Douglas Varley Talks to The Washington Post on NRA's Tax Exempt Status
Documents indicate that the National Rifle Association planned to purchase a luxury mansion in the Dallas area last year for the use of chief executive Wayne LaPierre, according to two people familiar with the records.
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Douglas Varley, an attorney whose practice focuses on tax-exempt organizations, said if the NRA had purchased a house for LaPierre, it would have had to justify to the IRS that he needed it to do his job. Otherwise, the NRA would have had to report the purchase in its tax filing as part of LaPierre’s compensation.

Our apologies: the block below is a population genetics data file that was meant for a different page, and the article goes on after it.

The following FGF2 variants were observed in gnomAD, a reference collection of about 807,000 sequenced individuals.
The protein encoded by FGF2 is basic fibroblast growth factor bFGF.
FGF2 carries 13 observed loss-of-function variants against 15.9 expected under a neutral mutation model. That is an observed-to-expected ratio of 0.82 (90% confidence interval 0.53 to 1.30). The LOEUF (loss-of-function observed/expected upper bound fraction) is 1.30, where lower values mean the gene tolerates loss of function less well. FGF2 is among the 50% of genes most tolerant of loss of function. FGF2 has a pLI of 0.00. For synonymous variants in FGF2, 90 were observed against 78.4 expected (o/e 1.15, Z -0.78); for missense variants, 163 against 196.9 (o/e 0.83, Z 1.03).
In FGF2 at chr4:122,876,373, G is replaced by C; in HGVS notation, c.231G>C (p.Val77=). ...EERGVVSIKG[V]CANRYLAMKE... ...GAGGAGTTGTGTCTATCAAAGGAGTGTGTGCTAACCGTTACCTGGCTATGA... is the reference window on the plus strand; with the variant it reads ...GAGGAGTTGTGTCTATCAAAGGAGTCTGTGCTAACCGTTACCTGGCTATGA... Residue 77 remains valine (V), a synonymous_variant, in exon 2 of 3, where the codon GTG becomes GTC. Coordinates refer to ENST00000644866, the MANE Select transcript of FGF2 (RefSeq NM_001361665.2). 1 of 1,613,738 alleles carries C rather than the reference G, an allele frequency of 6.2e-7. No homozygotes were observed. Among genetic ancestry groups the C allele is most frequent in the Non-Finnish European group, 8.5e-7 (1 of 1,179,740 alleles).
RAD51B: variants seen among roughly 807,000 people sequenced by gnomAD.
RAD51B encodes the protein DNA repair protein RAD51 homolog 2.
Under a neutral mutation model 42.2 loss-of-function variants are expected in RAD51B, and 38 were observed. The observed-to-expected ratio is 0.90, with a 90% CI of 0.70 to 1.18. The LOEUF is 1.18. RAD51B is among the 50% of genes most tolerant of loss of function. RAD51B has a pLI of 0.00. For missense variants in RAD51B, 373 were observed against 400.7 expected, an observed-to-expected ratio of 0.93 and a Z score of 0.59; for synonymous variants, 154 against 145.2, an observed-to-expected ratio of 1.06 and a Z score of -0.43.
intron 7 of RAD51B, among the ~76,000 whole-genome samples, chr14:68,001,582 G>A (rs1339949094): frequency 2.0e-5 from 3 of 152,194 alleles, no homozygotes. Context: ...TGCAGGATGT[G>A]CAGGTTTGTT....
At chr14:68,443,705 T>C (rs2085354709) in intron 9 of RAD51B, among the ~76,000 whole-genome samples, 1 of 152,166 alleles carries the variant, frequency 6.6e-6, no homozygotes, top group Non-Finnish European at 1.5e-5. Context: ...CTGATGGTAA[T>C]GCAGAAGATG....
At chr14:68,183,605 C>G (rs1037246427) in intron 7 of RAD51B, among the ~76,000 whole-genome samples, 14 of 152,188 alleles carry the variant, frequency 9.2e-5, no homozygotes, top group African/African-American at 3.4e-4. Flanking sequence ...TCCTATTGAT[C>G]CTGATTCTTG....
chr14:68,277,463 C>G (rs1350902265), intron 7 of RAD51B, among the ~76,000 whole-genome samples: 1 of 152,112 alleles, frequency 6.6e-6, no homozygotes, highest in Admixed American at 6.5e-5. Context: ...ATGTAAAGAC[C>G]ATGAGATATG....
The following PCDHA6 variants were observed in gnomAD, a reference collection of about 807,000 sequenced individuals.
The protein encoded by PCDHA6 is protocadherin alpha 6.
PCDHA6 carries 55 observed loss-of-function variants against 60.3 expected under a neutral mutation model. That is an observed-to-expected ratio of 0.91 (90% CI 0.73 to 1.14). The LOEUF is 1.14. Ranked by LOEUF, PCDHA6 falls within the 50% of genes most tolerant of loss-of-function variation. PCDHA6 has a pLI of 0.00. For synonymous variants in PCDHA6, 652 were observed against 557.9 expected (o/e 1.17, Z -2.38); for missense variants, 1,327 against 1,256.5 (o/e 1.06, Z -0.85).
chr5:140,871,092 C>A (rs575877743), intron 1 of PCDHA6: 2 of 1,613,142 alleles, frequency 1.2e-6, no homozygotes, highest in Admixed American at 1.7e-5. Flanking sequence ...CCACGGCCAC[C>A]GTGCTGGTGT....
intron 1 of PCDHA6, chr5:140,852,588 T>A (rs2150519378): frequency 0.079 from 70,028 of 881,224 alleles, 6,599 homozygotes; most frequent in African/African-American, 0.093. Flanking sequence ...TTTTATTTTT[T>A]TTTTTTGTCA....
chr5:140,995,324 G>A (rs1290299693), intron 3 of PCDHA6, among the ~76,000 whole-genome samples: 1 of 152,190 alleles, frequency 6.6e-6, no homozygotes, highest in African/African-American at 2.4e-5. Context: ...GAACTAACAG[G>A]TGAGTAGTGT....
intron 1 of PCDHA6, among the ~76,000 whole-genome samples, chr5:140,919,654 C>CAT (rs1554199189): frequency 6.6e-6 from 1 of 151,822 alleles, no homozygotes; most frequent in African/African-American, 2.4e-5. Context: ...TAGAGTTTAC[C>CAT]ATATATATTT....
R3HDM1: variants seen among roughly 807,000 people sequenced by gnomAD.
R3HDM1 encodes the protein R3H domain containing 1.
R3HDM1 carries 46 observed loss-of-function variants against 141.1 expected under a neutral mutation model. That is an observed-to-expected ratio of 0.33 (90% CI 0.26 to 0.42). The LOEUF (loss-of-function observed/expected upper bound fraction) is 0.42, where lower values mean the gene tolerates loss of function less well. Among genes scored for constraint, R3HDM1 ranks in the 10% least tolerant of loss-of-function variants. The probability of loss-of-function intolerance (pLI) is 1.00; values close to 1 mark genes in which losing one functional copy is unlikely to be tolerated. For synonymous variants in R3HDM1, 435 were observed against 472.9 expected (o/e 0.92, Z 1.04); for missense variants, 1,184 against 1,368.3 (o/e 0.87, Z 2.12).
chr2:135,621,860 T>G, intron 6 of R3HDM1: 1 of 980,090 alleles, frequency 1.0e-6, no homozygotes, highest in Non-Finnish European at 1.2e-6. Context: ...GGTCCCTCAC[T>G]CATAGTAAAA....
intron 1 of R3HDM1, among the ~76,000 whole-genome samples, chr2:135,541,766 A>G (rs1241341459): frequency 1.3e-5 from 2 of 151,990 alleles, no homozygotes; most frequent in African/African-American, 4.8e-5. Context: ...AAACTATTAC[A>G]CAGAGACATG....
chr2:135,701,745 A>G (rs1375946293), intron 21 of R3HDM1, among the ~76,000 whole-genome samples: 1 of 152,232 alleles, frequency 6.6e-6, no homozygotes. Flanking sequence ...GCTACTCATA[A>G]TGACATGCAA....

“Both of those strike me as extraordinarily high bars to get over,” Varley said. He added that the IRS could revoke the NRA’s tax-exempt status on the grounds of “inurement,” meaning the organization’s leadership is treating its assets as private property.
Even though the real estate deal didn’t go through, Varley said, the activity around the house “says something about how the organization is being run and for whose benefit. These things are fundamental to nonprofit organizations.”
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